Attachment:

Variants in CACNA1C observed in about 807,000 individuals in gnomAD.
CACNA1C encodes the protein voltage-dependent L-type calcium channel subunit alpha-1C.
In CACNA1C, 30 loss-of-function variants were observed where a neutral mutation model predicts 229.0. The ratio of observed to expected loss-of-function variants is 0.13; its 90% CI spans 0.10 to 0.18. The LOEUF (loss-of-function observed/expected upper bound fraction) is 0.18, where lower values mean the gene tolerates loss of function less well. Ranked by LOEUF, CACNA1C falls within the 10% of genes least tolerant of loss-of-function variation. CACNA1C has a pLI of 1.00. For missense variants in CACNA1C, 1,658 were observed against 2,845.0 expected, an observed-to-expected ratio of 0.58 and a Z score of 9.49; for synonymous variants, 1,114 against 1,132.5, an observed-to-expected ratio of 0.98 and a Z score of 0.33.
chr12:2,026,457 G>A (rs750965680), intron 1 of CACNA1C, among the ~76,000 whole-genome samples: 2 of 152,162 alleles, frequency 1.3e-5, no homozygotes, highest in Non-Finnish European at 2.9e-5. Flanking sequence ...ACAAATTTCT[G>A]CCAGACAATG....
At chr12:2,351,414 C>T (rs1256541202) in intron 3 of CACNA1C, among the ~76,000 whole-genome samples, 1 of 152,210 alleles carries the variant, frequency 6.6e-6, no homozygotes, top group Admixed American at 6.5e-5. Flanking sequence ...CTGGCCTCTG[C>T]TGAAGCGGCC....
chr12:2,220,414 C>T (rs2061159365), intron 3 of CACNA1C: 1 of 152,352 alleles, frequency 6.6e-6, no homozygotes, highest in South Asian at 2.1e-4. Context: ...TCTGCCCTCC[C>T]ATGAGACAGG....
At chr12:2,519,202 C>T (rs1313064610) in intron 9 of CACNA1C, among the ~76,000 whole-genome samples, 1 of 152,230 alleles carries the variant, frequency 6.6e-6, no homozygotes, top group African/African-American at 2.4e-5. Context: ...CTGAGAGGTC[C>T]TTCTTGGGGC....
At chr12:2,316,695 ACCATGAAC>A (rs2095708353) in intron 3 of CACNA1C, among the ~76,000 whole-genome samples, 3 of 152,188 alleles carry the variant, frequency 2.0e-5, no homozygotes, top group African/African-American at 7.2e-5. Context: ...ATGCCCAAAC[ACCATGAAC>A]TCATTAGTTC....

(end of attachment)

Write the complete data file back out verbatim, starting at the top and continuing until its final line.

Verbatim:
Variants in CACNA1C observed in about 807,000 individuals in gnomAD.
CACNA1C encodes the protein voltage-dependent L-type calcium channel subunit alpha-1C.
In CACNA1C, 30 loss-of-function variants were observed where a neutral mutation model predicts 229.0. The ratio of observed to expected loss-of-function variants is 0.13; its 90% CI spans 0.10 to 0.18. The LOEUF (loss-of-function observed/expected upper bound fraction) is 0.18, where lower values mean the gene tolerates loss of function less well. Ranked by LOEUF, CACNA1C falls within the 10% of genes least tolerant of loss-of-function variation. CACNA1C has a pLI of 1.00. For missense variants in CACNA1C, 1,658 were observed against 2,845.0 expected, an observed-to-expected ratio of 0.58 and a Z score of 9.49; for synonymous variants, 1,114 against 1,132.5, an observed-to-expected ratio of 0.98 and a Z score of 0.33.
chr12:2,026,457 G>A (rs750965680), intron 1 of CACNA1C, among the ~76,000 whole-genome samples: 2 of 152,162 alleles, frequency 1.3e-5, no homozygotes, highest in Non-Finnish European at 2.9e-5. Flanking sequence ...ACAAATTTCT[G>A]CCAGACAATG....
At chr12:2,351,414 C>T (rs1256541202) in intron 3 of CACNA1C, among the ~76,000 whole-genome samples, 1 of 152,210 alleles carries the variant, frequency 6.6e-6, no homozygotes, top group Admixed American at 6.5e-5. Flanking sequence ...CTGGCCTCTG[C>T]TGAAGCGGCC....
chr12:2,220,414 C>T (rs2061159365), intron 3 of CACNA1C: 1 of 152,352 alleles, frequency 6.6e-6, no homozygotes, highest in South Asian at 2.1e-4. Context: ...TCTGCCCTCC[C>T]ATGAGACAGG....
At chr12:2,519,202 C>T (rs1313064610) in intron 9 of CACNA1C, among the ~76,000 whole-genome samples, 1 of 152,230 alleles carries the variant, frequency 6.6e-6, no homozygotes, top group African/African-American at 2.4e-5. Context: ...CTGAGAGGTC[C>T]TTCTTGGGGC....
At chr12:2,316,695 ACCATGAAC>A (rs2095708353) in intron 3 of CACNA1C, among the ~76,000 whole-genome samples, 3 of 152,188 alleles carry the variant, frequency 2.0e-5, no homozygotes, top group African/African-American at 7.2e-5. Context: ...ATGCCCAAAC[ACCATGAAC>A]TCATTAGTTC....